We started by climbing 103 steps at Day Street and admiring what may be the cleanest underpass area in the city.
At the top of the hill, we saw some large homes,
The bridge was built in 1940 and was the world's first reinforced concrete floating bridge and the largest floating structure ever built. The tunnels were the largest diameter soft-earth tunnels when completed in 1940.
We walked the winding boulevard through Colman Park (an Olmsted Legacy Park), observing a large community garden
before coming to the Ellsworth Storey Cottages National Historic District. "Between 1910 and 1915, Storey designed a set of cottages near Colman Park on Lake Washington Boulevard. Although modest, and built as a developmental enterprise, these houses were more influential than many of his more impressive works. These houses, looking much like bungalows, used generous amounts of local lumber and had wide projecting eaves covering ample porches. This method of building suited the house’s natural surroundings.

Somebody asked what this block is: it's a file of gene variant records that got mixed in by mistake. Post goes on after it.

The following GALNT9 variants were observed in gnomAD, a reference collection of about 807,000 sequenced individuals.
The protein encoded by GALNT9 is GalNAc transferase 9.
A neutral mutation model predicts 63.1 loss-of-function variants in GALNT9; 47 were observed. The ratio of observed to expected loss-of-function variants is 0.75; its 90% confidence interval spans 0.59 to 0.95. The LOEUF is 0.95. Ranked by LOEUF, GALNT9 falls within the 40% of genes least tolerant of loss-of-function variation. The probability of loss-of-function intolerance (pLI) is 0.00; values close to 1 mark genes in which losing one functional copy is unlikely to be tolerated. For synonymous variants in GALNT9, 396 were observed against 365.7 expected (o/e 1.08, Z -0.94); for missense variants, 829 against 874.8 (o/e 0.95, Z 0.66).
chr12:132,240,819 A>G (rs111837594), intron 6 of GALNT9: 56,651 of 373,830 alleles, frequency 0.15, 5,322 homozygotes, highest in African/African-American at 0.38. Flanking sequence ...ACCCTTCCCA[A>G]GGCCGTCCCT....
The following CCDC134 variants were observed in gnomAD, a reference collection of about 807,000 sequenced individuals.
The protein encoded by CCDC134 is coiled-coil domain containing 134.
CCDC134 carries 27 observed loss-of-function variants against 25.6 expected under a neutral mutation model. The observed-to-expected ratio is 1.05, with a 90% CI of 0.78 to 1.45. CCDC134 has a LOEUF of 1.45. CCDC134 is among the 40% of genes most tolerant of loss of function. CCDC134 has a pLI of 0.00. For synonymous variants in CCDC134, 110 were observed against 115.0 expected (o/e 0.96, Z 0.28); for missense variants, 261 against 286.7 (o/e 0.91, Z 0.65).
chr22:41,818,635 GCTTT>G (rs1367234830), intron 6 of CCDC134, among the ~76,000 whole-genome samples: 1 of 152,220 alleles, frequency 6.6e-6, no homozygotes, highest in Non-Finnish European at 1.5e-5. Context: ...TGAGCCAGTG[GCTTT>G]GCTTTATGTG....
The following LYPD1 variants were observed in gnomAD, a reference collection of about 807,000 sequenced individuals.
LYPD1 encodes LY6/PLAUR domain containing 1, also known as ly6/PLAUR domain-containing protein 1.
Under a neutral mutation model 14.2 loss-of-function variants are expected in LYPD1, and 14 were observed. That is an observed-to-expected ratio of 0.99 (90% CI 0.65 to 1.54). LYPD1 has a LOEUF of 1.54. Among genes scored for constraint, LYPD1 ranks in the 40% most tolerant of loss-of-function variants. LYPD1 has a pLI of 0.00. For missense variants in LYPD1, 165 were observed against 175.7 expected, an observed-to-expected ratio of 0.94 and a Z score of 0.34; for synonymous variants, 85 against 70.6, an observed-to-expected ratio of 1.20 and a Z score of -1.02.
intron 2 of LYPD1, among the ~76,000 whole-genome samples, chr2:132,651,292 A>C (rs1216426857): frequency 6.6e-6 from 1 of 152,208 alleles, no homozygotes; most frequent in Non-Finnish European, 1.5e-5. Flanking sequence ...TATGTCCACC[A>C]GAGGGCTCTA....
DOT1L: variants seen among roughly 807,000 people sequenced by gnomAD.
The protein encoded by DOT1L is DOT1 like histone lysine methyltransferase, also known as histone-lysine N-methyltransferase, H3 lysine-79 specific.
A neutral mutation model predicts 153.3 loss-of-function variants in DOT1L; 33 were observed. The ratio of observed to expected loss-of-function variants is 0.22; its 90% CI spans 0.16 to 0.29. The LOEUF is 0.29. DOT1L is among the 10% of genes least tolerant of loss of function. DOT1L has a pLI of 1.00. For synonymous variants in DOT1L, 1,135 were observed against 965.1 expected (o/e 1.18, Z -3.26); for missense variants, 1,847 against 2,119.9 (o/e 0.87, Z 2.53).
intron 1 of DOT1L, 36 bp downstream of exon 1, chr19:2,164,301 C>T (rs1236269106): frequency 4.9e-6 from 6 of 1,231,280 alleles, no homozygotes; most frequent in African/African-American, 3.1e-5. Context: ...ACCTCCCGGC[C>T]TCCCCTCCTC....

Storey was perhaps the first Seattle architect to integrate directly local materials with architectural design. This practice, later known as "regionalism," was highly influential in Seattle architecture of the middle- and late-twentieth century". (from linked page above)
We continued on to Mount Baker Park and back north to Day Street, observing staircases and shore view access points along the way.
Saint Clement's Episcopal Church, Sponge (language classes for kids) and a "No Camping" sign which has been modified to say "Snow Camping" - we did not see any campers.